I had asked you about a Dooney and Bourke Norfolk but ended up bying a vintage Dooney and Bourke X-large hobo instead. My first Donney and Bourke bag! They are unknown in Denmark as far as I l know so I got it from the USA at a high cost. It is all black. On the same day I got it in the mail I treated it with leather conditioner/grease which I always do with lather bags when I get them before I begin to use them. I just rubbed it all over the bag and went to bed. The next say when I got home in the evening I noticed that the bag had not absorbed the grease like lather bags usually do. I rubbed the grease off the bag and got online only to find out that putting grease on Dooney and Bourke all weather leather was a bad idea. I took in the bath room and washed it with cold water to make sure that I got all of the grease off the bag. The bag did not absorbe water at all, but seemed to be water resistant just fine. My question is, could I have damaged the bag? It was in exellent condition before and still seems to be, it looks the same, but maybe the grease did damage the it? Should I kick myself or just be happy I got the grease off within 24 hours (and be and make sure never to use leather grease or conditioner again?)
Neurotic handbag lady, Rina, in Denmark
Hello again Paula
Just want to add a picture to my question and tell you that the bag seems completely dry to the touch, after being greased/greased off and wet, as I described in my question the other day, but I’m still worried if the grease has invisibly damaged the all weather leather. Please take your time.
Thank you again for a great blog and your great respons.
Cheers, Rina, Denmark
Read below for some information, especially the part about how conditioners relax the pores of the leather, thereby defeating the AWL properties. – Paula
I just ordered the black/tan Essex Carrier from the grab bag section, and I’m so excited! It’s my very first Dooney & Bourke, and I’ve wanted one for ages.
I love reading your blogs online, and I wanted to ask you–how do I clean it? Is it best not to use leather oils or cleaners? I’ve read that they can strip the properties of the AWL. And is there a way to remove the spot or lighten it? If not, I don’t mind; it doesn’t look that obvious, and I’m not picky, because I love vintage!
It looks like this lovely bag still has years of use left in it, and I can’t wait for it to get here!
“The leathers used in most Dooney & Bourke merchandise are both water repellent and generally scratch resistant. However, some leathers may become discolored when wet, returning to their original colors once completely dry.
Anything containing dyes (ball point pens, lipsticks, etc.) cannot be removed as they will re-dye the surface.
All-Weather Leather® Collection (Classic)
Classic All-Weather Leather® is 100% cowhide and should be gently wiped with a damp cloth when necessary.This leather can usually be cleaned with the use of a soft cotton cloth slightly dampened with distilled water (sodium-free seltzer water may be substituted) and a mild bar soap, applied in a circular motion. Repeat with distilled water only to ensure no residual soap remains. The leather should then be allowed to dry completely.This collection should not be treated with cleaning agents or leather creams. The oils in such products loosen the pores of the leather, defeating the shrinkage process that makes All-Weather Leather® impervious.”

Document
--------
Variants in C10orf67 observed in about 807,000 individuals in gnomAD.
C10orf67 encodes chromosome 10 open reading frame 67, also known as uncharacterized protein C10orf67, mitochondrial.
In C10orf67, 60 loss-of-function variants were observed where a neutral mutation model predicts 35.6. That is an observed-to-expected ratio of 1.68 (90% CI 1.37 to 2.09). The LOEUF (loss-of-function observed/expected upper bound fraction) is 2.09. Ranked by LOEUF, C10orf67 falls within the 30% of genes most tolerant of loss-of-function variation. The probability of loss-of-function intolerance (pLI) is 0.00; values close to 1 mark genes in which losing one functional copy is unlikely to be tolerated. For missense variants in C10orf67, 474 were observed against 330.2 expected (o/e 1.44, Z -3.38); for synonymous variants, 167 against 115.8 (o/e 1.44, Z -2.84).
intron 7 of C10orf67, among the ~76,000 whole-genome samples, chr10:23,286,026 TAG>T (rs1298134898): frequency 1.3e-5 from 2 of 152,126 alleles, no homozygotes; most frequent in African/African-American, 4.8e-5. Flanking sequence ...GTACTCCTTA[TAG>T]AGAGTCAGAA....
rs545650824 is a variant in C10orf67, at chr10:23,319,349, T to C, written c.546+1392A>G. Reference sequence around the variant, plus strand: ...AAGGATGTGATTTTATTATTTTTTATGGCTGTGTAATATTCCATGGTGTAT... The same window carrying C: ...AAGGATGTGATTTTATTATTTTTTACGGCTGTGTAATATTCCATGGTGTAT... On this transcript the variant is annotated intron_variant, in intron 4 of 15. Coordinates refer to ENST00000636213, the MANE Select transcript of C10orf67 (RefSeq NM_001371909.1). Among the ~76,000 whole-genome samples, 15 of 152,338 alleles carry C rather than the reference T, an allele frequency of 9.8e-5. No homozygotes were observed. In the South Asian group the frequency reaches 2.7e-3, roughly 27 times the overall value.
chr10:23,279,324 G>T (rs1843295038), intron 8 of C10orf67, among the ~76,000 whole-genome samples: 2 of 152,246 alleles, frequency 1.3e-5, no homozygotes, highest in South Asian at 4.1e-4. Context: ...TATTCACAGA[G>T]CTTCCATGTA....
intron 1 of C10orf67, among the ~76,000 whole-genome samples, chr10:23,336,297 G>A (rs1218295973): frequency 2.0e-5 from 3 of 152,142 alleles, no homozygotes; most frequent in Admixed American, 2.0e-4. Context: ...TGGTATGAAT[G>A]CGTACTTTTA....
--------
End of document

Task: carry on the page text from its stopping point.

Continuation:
Hi Paula,You may remember me–I purchased the gorgeous Essex carrier (my very first Dooney bag!) a few days ago. I just now purchased the nifty small white carpet bag as well, so I think you have a new customer! Just wanted to ask–one website recommended “whitening” stains on white leather bags with Kiwi shoe polish. Is this a good idea, or would it ruin the finish?Thanks again for your help. Keely
I wouldn’t use Kiwi shoe polish, no. Once you get the bag, you can decide how you want to refurbish it, but I’d steer clear of the white shoe polish.
If it were my bag, I’d receive it, look at it, maybe even start using it and see if you think the wabi-sabi of a vintage bag is actually more endearing than trying to make it look new.
I think that is how I would feel.
But if I just couldn’t stand it and wanted to have it perfect, I’d take it to a shoe repair place where they have leather dye and have the white part dyed. Depending on the skill of the repairman, you run the risk of ending up with a new issue – it is hard to do a really neat job around the British Tan trim so……….
another alternative is that you could buy the dye and do it yourself.
Dye is permanent. Leather dye is thin and has the consistency of a solvent. It sinks into the leather immediately.
Conditioners are oily or greasy and sit on top of leather and gradually sink in. making leather softer, more pliable and as D&B says, opens the pores of the leather which in this case is not a good idea.
Leather polish is a creamy or waxy top dressing. Especially with white polish, that layer or coat you would put on would flake and crack and come off. It would also alter the the leather in a negative way.
So with all that said, I have never dyed a Dooney bag but I have had great success using leather dye on other items such as English riding boots where the color wears off the inside surface of the boot where it rubs against the saddle and the horse. The brand of leather dye I have used is Fiebings and they do make a white dye.
Note that if you choose to try to dye a bag to eliminate some of the spots, you will likely have to dye the entire bag because no two whites are the same as no two blacks are browns are. So it is not a project to undertake lightly.